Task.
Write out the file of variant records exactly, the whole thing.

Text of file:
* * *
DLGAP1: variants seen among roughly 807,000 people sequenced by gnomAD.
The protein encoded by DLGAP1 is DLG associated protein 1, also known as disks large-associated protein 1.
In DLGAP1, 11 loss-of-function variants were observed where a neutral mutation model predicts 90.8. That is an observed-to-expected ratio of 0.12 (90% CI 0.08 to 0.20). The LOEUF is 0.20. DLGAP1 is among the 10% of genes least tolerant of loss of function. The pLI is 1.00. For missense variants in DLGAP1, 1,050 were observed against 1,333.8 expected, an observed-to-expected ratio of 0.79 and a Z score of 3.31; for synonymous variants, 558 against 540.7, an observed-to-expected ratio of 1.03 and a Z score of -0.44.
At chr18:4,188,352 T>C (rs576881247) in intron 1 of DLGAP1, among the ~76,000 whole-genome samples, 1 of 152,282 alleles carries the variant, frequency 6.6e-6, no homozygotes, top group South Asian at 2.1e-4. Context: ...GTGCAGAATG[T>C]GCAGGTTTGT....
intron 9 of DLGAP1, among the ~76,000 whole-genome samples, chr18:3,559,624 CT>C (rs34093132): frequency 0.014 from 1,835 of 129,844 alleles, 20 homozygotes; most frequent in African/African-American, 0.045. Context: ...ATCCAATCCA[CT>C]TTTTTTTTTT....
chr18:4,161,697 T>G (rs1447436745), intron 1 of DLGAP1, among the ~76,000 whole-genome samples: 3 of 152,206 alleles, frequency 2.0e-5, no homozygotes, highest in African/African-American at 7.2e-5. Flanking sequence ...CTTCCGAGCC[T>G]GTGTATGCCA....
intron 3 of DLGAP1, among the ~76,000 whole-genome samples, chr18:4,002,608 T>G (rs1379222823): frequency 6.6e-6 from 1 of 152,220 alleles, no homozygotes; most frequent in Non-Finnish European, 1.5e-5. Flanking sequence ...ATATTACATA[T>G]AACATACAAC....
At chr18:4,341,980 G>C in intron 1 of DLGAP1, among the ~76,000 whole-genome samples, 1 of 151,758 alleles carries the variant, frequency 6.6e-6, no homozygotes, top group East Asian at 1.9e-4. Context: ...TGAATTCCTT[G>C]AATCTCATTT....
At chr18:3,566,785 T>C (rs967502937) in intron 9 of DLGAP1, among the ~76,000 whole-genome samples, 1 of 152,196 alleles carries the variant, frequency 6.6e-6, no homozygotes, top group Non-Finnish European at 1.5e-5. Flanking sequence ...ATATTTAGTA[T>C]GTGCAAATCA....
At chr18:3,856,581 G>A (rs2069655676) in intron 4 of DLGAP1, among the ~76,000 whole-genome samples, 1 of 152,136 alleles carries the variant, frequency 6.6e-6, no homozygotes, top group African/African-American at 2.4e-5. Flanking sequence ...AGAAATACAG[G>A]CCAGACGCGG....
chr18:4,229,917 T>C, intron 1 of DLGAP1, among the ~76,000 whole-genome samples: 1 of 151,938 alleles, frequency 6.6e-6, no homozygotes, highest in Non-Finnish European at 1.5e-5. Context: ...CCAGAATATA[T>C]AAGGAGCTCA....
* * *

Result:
DLGAP1: variants seen among roughly 807,000 people sequenced by gnomAD.
The protein encoded by DLGAP1 is DLG associated protein 1, also known as disks large-associated protein 1.
In DLGAP1, 11 loss-of-function variants were observed where a neutral mutation model predicts 90.8. That is an observed-to-expected ratio of 0.12 (90% CI 0.08 to 0.20). The LOEUF is 0.20. DLGAP1 is among the 10% of genes least tolerant of loss of function. The pLI is 1.00. For missense variants in DLGAP1, 1,050 were observed against 1,333.8 expected, an observed-to-expected ratio of 0.79 and a Z score of 3.31; for synonymous variants, 558 against 540.7, an observed-to-expected ratio of 1.03 and a Z score of -0.44.
At chr18:4,188,352 T>C (rs576881247) in intron 1 of DLGAP1, among the ~76,000 whole-genome samples, 1 of 152,282 alleles carries the variant, frequency 6.6e-6, no homozygotes, top group South Asian at 2.1e-4. Context: ...GTGCAGAATG[T>C]GCAGGTTTGT....
intron 9 of DLGAP1, among the ~76,000 whole-genome samples, chr18:3,559,624 CT>C (rs34093132): frequency 0.014 from 1,835 of 129,844 alleles, 20 homozygotes; most frequent in African/African-American, 0.045. Context: ...ATCCAATCCA[CT>C]TTTTTTTTTT....
chr18:4,161,697 T>G (rs1447436745), intron 1 of DLGAP1, among the ~76,000 whole-genome samples: 3 of 152,206 alleles, frequency 2.0e-5, no homozygotes, highest in African/African-American at 7.2e-5. Flanking sequence ...CTTCCGAGCC[T>G]GTGTATGCCA....
intron 3 of DLGAP1, among the ~76,000 whole-genome samples, chr18:4,002,608 T>G (rs1379222823): frequency 6.6e-6 from 1 of 152,220 alleles, no homozygotes; most frequent in Non-Finnish European, 1.5e-5. Flanking sequence ...ATATTACATA[T>G]AACATACAAC....
At chr18:4,341,980 G>C in intron 1 of DLGAP1, among the ~76,000 whole-genome samples, 1 of 151,758 alleles carries the variant, frequency 6.6e-6, no homozygotes, top group East Asian at 1.9e-4. Context: ...TGAATTCCTT[G>C]AATCTCATTT....
At chr18:3,566,785 T>C (rs967502937) in intron 9 of DLGAP1, among the ~76,000 whole-genome samples, 1 of 152,196 alleles carries the variant, frequency 6.6e-6, no homozygotes, top group Non-Finnish European at 1.5e-5. Flanking sequence ...ATATTTAGTA[T>C]GTGCAAATCA....
At chr18:3,856,581 G>A (rs2069655676) in intron 4 of DLGAP1, among the ~76,000 whole-genome samples, 1 of 152,136 alleles carries the variant, frequency 6.6e-6, no homozygotes, top group African/African-American at 2.4e-5. Flanking sequence ...AGAAATACAG[G>A]CCAGACGCGG....
chr18:4,229,917 T>C, intron 1 of DLGAP1, among the ~76,000 whole-genome samples: 1 of 151,938 alleles, frequency 6.6e-6, no homozygotes, highest in Non-Finnish European at 1.5e-5. Context: ...CCAGAATATA[T>C]AAGGAGCTCA....